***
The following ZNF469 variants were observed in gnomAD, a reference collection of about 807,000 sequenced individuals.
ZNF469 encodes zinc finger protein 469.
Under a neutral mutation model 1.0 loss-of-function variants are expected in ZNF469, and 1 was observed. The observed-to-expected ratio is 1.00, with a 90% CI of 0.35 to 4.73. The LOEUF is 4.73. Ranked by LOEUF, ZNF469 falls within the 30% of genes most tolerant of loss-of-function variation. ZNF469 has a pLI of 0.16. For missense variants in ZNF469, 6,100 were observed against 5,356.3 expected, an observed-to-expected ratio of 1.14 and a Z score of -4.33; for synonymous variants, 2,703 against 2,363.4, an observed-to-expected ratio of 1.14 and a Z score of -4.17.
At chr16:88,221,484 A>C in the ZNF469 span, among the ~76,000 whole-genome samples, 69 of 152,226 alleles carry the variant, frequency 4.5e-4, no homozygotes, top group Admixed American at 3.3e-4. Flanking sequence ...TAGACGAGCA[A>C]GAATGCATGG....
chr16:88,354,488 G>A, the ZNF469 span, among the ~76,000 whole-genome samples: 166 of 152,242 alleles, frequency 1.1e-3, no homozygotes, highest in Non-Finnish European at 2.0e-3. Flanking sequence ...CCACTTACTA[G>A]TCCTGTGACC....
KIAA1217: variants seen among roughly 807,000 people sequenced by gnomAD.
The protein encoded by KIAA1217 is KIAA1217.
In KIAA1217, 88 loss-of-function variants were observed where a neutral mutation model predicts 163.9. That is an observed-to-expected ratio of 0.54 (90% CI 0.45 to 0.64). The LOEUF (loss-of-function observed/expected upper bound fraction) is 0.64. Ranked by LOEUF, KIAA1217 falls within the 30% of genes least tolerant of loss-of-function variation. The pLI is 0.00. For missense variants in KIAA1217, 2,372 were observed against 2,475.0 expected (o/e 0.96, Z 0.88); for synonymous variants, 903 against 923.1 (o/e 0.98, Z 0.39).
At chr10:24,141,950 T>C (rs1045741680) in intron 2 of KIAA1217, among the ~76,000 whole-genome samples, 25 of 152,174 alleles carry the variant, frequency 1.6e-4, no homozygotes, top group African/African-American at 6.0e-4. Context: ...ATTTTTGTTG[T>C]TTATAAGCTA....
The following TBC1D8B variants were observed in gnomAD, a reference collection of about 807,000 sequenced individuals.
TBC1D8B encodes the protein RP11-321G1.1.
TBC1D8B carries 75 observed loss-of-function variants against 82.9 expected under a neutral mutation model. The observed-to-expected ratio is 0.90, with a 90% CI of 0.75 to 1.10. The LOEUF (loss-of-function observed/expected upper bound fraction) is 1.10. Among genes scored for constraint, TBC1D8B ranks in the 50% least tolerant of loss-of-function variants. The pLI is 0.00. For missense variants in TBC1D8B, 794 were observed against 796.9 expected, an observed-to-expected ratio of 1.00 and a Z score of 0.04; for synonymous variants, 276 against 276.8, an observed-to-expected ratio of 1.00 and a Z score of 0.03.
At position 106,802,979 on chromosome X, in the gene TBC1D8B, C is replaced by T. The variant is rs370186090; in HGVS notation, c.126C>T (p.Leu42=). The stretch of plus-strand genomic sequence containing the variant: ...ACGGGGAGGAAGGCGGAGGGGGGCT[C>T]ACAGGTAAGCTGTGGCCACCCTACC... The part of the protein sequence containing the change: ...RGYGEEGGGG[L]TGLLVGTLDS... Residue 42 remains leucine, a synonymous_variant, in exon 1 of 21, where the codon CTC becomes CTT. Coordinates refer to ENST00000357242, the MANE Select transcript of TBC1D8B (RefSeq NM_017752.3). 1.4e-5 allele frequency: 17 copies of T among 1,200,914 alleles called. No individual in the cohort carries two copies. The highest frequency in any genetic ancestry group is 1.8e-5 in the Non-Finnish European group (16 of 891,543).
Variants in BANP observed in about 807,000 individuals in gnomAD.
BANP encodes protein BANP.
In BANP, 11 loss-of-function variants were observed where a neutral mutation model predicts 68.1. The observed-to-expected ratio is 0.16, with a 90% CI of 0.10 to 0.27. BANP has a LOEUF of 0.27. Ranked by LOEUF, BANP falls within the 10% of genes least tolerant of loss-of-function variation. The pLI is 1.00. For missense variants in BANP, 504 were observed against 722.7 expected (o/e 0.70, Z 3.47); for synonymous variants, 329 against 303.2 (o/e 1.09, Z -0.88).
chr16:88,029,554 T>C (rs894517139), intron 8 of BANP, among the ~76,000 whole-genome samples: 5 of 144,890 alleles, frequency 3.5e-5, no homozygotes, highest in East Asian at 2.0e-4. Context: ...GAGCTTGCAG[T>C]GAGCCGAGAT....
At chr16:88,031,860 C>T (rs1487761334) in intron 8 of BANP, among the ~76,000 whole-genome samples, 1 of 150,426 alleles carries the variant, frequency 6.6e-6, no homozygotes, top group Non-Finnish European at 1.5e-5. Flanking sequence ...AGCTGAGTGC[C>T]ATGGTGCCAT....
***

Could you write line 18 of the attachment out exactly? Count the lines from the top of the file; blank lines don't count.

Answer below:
At chr16:88,031,860 C>T (rs1487761334) in intron 8 of BANP, among the ~76,000 whole-genome samples, 1 of 150,426 alleles carries the variant, frequency 6.6e-6, no homozygotes, top group Non-Finnish European at 1.5e-5. Flanking sequence ...AGCTGAGTGC[C>T]ATGGTGCCAT....